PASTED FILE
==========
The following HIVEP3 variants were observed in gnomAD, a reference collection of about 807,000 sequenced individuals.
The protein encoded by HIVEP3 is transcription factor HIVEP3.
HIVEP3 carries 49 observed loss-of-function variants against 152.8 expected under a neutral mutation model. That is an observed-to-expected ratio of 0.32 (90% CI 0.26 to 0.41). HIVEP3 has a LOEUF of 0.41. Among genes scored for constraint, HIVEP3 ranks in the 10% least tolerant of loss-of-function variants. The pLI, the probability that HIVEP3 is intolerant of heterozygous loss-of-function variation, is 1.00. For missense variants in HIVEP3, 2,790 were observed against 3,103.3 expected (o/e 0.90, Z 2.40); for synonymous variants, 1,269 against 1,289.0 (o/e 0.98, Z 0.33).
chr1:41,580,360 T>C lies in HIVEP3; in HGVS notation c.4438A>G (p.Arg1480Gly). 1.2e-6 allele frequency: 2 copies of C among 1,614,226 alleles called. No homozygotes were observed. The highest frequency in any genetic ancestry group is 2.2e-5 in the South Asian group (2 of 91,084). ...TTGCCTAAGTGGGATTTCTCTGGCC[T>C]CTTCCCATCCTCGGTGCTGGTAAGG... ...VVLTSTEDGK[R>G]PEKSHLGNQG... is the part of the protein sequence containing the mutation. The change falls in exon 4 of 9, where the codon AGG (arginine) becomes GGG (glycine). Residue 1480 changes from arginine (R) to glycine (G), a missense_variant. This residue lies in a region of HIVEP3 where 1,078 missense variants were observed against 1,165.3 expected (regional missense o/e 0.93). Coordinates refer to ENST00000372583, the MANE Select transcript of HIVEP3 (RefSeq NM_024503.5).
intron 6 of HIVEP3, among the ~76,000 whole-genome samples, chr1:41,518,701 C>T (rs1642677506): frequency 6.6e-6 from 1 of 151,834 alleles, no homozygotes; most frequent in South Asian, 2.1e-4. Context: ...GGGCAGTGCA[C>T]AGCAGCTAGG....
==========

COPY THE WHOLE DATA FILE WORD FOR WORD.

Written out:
The following HIVEP3 variants were observed in gnomAD, a reference collection of about 807,000 sequenced individuals.
The protein encoded by HIVEP3 is transcription factor HIVEP3.
HIVEP3 carries 49 observed loss-of-function variants against 152.8 expected under a neutral mutation model. That is an observed-to-expected ratio of 0.32 (90% CI 0.26 to 0.41). HIVEP3 has a LOEUF of 0.41. Among genes scored for constraint, HIVEP3 ranks in the 10% least tolerant of loss-of-function variants. The pLI, the probability that HIVEP3 is intolerant of heterozygous loss-of-function variation, is 1.00. For missense variants in HIVEP3, 2,790 were observed against 3,103.3 expected (o/e 0.90, Z 2.40); for synonymous variants, 1,269 against 1,289.0 (o/e 0.98, Z 0.33).
chr1:41,580,360 T>C lies in HIVEP3; in HGVS notation c.4438A>G (p.Arg1480Gly). 1.2e-6 allele frequency: 2 copies of C among 1,614,226 alleles called. No homozygotes were observed. The highest frequency in any genetic ancestry group is 2.2e-5 in the South Asian group (2 of 91,084). ...TTGCCTAAGTGGGATTTCTCTGGCC[T>C]CTTCCCATCCTCGGTGCTGGTAAGG... ...VVLTSTEDGK[R>G]PEKSHLGNQG... is the part of the protein sequence containing the mutation. The change falls in exon 4 of 9, where the codon AGG (arginine) becomes GGG (glycine). Residue 1480 changes from arginine (R) to glycine (G), a missense_variant. This residue lies in a region of HIVEP3 where 1,078 missense variants were observed against 1,165.3 expected (regional missense o/e 0.93). Coordinates refer to ENST00000372583, the MANE Select transcript of HIVEP3 (RefSeq NM_024503.5).
intron 6 of HIVEP3, among the ~76,000 whole-genome samples, chr1:41,518,701 C>T (rs1642677506): frequency 6.6e-6 from 1 of 151,834 alleles, no homozygotes; most frequent in South Asian, 2.1e-4. Context: ...GGGCAGTGCA[C>T]AGCAGCTAGG....